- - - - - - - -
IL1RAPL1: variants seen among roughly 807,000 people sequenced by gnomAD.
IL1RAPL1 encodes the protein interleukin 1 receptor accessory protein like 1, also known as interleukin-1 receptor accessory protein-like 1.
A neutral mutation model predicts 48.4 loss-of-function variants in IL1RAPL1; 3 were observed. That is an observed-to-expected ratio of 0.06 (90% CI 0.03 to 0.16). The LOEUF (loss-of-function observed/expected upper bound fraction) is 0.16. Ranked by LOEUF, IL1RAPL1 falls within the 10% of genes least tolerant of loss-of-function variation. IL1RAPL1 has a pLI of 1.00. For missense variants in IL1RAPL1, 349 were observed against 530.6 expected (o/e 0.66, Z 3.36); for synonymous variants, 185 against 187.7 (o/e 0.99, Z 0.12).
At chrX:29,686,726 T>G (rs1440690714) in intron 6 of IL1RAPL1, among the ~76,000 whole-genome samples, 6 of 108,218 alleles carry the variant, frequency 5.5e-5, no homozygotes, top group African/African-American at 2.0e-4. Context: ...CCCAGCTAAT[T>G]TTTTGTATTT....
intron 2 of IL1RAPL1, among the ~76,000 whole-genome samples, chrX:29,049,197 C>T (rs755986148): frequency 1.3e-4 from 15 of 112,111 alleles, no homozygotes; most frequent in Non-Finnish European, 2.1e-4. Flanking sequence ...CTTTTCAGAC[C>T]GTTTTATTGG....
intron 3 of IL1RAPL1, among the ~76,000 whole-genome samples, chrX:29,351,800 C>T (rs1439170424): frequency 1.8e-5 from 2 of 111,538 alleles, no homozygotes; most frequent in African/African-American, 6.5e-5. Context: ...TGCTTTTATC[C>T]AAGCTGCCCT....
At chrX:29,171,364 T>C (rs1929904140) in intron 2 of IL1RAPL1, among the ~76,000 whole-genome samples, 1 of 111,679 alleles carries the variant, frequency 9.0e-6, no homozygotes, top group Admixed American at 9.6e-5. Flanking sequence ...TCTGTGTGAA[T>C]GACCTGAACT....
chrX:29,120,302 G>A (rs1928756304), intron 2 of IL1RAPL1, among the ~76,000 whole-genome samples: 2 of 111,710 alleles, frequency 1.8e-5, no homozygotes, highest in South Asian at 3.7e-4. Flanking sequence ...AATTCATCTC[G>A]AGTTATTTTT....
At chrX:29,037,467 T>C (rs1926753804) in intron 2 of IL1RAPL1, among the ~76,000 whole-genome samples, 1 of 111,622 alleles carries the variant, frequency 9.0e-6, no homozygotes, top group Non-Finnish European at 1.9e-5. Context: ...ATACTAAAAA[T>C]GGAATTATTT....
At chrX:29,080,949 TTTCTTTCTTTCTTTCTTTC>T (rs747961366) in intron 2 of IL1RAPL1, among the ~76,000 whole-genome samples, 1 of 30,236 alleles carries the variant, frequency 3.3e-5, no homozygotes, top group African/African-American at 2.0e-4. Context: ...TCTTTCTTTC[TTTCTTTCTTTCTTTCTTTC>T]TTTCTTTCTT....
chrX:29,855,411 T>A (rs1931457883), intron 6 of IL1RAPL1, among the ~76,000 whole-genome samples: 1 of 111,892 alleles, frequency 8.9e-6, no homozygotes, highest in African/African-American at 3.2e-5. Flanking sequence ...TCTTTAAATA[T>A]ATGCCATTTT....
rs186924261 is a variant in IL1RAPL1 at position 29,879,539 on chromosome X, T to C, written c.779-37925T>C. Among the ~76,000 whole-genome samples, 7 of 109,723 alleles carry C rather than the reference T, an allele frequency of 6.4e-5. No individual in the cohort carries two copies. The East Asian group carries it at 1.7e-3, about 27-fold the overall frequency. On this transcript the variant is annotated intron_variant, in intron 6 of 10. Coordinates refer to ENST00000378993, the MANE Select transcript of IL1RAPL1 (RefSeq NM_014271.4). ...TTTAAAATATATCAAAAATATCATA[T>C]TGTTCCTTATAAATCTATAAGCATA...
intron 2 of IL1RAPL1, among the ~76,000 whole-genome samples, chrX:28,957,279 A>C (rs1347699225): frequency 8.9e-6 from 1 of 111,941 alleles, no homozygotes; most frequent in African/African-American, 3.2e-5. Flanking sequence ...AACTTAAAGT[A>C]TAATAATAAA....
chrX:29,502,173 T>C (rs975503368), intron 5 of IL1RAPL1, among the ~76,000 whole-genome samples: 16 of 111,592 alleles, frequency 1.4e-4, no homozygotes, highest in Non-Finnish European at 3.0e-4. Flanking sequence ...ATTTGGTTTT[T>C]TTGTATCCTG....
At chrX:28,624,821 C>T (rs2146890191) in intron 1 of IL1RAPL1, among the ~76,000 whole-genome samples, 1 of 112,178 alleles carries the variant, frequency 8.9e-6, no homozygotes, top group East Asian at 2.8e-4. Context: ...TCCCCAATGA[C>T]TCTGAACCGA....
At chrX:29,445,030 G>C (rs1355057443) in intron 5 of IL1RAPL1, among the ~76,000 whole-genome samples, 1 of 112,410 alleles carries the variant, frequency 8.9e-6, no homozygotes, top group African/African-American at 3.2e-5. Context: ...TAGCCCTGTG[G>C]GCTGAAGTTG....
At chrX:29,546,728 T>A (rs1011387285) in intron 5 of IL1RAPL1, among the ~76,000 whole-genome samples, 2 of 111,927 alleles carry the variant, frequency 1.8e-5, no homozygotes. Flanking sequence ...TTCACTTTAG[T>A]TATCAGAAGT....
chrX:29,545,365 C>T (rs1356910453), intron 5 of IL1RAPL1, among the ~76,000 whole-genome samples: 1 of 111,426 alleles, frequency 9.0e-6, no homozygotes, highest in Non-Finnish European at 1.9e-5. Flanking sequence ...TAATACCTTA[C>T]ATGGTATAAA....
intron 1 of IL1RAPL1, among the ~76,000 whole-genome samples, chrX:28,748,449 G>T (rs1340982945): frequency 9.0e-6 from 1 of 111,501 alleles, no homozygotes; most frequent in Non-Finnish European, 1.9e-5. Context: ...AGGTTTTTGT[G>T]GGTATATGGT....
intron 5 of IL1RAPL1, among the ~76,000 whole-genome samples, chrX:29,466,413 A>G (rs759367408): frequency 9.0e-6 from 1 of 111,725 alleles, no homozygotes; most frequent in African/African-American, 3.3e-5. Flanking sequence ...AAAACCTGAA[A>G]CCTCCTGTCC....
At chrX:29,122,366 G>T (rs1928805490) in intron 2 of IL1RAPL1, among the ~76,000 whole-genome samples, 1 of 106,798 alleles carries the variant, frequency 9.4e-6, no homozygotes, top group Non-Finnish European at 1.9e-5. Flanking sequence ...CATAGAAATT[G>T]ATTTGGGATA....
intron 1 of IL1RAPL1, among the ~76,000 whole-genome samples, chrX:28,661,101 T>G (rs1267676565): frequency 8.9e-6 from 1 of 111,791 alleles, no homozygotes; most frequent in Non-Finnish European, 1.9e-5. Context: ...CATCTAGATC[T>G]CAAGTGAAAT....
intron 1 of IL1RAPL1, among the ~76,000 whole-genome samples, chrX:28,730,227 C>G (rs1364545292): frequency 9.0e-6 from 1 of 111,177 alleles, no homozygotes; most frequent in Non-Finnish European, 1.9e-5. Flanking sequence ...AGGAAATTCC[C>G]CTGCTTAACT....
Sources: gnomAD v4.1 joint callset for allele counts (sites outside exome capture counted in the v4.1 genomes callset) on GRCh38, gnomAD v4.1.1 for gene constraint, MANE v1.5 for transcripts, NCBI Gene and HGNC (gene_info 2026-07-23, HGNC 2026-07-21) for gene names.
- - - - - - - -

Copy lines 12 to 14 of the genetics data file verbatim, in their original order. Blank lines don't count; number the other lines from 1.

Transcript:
rs186924261 is a variant in IL1RAPL1 at position 29,879,539 on chromosome X, T to C, written c.779-37925T>C. Among the ~76,000 whole-genome samples, 7 of 109,723 alleles carry C rather than the reference T, an allele frequency of 6.4e-5. No individual in the cohort carries two copies. The East Asian group carries it at 1.7e-3, about 27-fold the overall frequency. On this transcript the variant is annotated intron_variant, in intron 6 of 10. Coordinates refer to ENST00000378993, the MANE Select transcript of IL1RAPL1 (RefSeq NM_014271.4). ...TTTAAAATATATCAAAAATATCATA[T>C]TGTTCCTTATAAATCTATAAGCATA...
intron 2 of IL1RAPL1, among the ~76,000 whole-genome samples, chrX:28,957,279 A>C (rs1347699225): frequency 8.9e-6 from 1 of 111,941 alleles, no homozygotes; most frequent in African/African-American, 3.2e-5. Flanking sequence ...AACTTAAAGT[A>C]TAATAATAAA....
chrX:29,502,173 T>C (rs975503368), intron 5 of IL1RAPL1, among the ~76,000 whole-genome samples: 16 of 111,592 alleles, frequency 1.4e-4, no homozygotes, highest in Non-Finnish European at 3.0e-4. Flanking sequence ...ATTTGGTTTT[T>C]TTGTATCCTG....